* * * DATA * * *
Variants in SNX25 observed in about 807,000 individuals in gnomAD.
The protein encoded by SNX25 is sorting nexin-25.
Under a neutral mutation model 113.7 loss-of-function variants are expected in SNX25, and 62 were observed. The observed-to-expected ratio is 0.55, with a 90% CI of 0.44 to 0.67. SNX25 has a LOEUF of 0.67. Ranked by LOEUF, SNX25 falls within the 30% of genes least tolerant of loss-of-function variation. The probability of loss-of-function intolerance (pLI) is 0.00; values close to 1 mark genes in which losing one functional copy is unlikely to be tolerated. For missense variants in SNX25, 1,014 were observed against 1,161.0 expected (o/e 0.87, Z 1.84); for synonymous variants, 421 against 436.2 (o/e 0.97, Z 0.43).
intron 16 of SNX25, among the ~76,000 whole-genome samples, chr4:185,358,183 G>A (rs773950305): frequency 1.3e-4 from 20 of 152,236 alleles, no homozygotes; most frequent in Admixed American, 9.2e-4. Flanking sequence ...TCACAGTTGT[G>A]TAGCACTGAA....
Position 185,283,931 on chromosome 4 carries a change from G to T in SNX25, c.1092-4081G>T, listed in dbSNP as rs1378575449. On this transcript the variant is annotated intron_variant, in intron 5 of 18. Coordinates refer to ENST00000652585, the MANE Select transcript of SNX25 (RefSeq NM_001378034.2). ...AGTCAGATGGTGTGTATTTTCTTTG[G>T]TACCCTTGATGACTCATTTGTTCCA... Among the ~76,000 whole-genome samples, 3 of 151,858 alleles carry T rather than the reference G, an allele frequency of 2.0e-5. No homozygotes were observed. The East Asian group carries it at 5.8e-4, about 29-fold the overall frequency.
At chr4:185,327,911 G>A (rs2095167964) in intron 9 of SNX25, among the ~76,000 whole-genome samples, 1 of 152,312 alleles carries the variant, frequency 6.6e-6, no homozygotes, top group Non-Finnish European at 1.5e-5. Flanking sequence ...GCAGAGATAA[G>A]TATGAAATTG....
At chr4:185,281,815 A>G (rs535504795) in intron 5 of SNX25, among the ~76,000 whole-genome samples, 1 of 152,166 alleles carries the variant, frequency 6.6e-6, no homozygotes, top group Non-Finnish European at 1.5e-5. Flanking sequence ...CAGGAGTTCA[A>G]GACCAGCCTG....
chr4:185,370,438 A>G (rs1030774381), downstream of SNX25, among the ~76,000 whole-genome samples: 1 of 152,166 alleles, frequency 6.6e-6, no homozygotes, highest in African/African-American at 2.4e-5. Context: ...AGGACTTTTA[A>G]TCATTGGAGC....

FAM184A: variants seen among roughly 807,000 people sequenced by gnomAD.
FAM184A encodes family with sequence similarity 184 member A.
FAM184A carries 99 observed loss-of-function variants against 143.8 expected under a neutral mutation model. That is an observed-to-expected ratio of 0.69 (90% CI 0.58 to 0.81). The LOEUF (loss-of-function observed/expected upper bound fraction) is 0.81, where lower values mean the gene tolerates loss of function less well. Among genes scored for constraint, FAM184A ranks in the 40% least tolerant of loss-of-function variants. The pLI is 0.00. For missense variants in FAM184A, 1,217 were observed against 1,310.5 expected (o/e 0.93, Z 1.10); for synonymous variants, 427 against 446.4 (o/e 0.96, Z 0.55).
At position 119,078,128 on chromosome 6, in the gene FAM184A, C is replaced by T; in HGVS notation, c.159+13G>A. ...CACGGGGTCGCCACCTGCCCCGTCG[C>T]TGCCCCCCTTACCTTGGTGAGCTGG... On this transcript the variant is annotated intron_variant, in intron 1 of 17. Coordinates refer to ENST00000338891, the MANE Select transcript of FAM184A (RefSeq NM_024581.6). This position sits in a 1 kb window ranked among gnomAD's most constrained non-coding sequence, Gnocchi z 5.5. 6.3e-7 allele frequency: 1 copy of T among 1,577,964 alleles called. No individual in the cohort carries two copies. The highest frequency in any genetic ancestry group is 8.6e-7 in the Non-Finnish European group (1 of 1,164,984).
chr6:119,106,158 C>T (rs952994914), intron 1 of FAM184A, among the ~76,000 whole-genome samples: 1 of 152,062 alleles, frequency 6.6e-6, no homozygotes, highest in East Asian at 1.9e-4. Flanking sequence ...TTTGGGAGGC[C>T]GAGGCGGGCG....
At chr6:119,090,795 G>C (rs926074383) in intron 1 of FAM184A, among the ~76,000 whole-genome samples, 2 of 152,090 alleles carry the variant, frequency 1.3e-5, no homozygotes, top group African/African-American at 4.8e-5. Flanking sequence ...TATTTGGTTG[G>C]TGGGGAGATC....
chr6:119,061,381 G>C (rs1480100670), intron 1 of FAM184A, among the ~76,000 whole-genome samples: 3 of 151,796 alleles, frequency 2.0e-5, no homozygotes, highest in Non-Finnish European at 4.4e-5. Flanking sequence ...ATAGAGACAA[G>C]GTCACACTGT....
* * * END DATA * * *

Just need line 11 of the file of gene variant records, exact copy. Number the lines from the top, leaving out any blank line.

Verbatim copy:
FAM184A carries 99 observed loss-of-function variants against 143.8 expected under a neutral mutation model. That is an observed-to-expected ratio of 0.69 (90% CI 0.58 to 0.81). The LOEUF (loss-of-function observed/expected upper bound fraction) is 0.81, where lower values mean the gene tolerates loss of function less well. Among genes scored for constraint, FAM184A ranks in the 40% least tolerant of loss-of-function variants. The pLI is 0.00. For missense variants in FAM184A, 1,217 were observed against 1,310.5 expected (o/e 0.93, Z 1.10); for synonymous variants, 427 against 446.4 (o/e 0.96, Z 0.55).